With all the news that Apple wants to be your streaming provider and your credit-card company, plus there’s yet another iOS release, you may have missed that Apple also has some old-fashioned technology news. Apple has released the newest version of is flagship language: Swift 5.0.
Swift is Apple’s open-source, general-purpose programming language. It replaces C-based languages (C, C++, and Objective-C) for everything from systems programming to mobile and desktop apps all the way up to cloud services. Specifically, you can use it to develop programs for the iOS, macOS, watchOS, tvOS, Linux, and z/OS platforms. Swift also works with Apple’s Cocoa and Cocoa Touch frameworks and a great deal of existing Apple Objective-C code.
In this latest version, Swift 5 is source compatible with its predecessors, the Swift 4.x variants. MacOS’s integrated development environment (IDE) Xcode 10.2 includes a code migrator to help with source code changes. Besides the macOS Swift 5 toolchain, you can also develop with Swift on the Ubuntu Linux family.
The most important update in Swift 5 is that its application binary interface (ABI) has been standardized and made stable across macOS, iOS, watchOS, and tvOS. What does that mean for you? It means you can develop an app built with one version of the Swift compiler and be certain it can work with a library built with another version. Thus, you’ll no longer need to embed the Swift standard library and “overlay” libraries within your application. Instead, your application will use your operating system’s Swift runtime and standard library. This also means your downloads will be smaller.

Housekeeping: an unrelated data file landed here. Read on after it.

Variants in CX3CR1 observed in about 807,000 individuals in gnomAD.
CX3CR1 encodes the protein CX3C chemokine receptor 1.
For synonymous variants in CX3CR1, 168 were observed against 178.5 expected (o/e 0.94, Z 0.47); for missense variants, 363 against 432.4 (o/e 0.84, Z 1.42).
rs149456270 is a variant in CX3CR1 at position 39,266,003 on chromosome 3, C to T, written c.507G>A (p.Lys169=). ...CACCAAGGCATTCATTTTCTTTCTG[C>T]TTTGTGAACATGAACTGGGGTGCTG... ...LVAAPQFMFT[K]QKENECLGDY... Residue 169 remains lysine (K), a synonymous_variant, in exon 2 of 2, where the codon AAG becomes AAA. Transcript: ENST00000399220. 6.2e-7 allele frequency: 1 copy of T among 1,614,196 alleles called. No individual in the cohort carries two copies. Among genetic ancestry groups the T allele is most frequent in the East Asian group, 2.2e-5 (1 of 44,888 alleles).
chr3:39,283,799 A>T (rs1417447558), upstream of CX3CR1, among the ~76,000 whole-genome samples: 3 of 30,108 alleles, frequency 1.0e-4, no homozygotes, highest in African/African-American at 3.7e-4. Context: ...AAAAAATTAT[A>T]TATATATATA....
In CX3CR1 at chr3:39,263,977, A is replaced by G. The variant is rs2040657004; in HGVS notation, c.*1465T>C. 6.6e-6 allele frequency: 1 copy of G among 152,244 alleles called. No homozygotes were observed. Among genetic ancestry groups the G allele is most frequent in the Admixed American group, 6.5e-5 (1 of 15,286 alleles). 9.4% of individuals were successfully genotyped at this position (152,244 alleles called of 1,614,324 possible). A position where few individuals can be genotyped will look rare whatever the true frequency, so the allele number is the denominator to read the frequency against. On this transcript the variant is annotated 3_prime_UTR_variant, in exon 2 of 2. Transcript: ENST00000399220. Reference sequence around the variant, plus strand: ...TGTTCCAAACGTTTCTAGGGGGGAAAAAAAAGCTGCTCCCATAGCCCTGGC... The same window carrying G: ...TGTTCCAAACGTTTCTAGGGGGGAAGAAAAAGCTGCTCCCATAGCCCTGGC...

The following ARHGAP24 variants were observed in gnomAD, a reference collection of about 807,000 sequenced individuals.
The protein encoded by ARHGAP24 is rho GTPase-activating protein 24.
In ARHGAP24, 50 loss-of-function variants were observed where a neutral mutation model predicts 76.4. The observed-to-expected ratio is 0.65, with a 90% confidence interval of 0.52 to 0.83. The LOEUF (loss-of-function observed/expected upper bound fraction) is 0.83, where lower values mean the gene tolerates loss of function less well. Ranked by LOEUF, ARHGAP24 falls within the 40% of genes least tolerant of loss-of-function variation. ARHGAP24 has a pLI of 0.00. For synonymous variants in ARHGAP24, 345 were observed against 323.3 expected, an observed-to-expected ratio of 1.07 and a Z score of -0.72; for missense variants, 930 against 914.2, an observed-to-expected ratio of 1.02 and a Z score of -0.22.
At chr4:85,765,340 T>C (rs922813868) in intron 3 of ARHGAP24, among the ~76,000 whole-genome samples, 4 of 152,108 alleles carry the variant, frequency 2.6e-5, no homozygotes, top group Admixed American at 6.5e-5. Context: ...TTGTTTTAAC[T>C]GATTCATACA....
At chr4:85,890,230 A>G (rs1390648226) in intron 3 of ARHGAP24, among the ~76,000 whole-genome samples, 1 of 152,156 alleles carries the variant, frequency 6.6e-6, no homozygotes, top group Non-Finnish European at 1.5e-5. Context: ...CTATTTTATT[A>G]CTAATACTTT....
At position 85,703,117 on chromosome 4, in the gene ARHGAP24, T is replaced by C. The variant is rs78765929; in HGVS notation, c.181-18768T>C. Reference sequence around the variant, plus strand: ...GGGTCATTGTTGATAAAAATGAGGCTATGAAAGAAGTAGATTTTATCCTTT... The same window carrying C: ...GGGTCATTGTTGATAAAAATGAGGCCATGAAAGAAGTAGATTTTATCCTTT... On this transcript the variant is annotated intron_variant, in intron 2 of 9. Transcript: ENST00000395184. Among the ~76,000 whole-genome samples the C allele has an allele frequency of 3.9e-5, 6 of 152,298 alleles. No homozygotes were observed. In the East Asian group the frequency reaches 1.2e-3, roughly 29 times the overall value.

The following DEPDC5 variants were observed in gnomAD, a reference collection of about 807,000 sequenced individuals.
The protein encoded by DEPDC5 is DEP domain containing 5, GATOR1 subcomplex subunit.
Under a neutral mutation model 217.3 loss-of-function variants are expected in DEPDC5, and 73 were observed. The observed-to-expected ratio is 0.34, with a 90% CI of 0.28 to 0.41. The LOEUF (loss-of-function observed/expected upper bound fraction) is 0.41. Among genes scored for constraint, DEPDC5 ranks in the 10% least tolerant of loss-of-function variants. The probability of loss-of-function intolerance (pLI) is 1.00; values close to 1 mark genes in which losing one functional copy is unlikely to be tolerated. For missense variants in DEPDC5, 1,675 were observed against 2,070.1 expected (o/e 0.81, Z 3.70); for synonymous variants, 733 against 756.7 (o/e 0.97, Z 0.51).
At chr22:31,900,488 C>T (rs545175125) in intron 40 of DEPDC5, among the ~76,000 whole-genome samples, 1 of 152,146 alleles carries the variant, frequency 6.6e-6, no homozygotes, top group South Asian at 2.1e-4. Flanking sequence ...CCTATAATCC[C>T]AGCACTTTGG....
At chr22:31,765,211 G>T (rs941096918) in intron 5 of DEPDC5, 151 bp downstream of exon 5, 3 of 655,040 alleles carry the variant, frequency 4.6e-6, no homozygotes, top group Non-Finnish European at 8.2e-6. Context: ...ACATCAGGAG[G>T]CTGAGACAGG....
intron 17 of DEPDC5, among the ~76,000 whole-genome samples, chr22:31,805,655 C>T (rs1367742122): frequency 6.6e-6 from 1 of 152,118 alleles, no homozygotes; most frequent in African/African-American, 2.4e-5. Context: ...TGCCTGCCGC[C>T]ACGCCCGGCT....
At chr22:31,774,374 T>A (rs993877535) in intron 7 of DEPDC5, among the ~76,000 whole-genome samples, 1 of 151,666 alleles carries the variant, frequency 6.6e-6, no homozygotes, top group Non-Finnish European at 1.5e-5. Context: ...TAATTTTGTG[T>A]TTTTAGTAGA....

Swift 5’s standard library also now includes the following new features:
- String reimplemented with UTF-8 encoding, which can often result in faster code
- Improved support for raw text in string literals
- Result and Single instruction, multiple data (SIMD) vector types added
- Enhancements to String interpolation, adding more flexibility to construct text from data
- Performance improvements to Dictionary and Set
To help Swift more secure, this latest edition also comes with runtime checking of “Exclusive Access to Memory” on by default. The net result is that it “eliminates dangerous program interactions involving mutable state and action at a distance.”
This just touches the surface of Swift’s changes. For more, see the Swift migration guide and the updated The Swift Programming Language manual. Want to play with Swift 5? Paul Hudson, writer, programmer, and head of Hacking with Swift has created a Xcode Playground to play with Swift 5.0.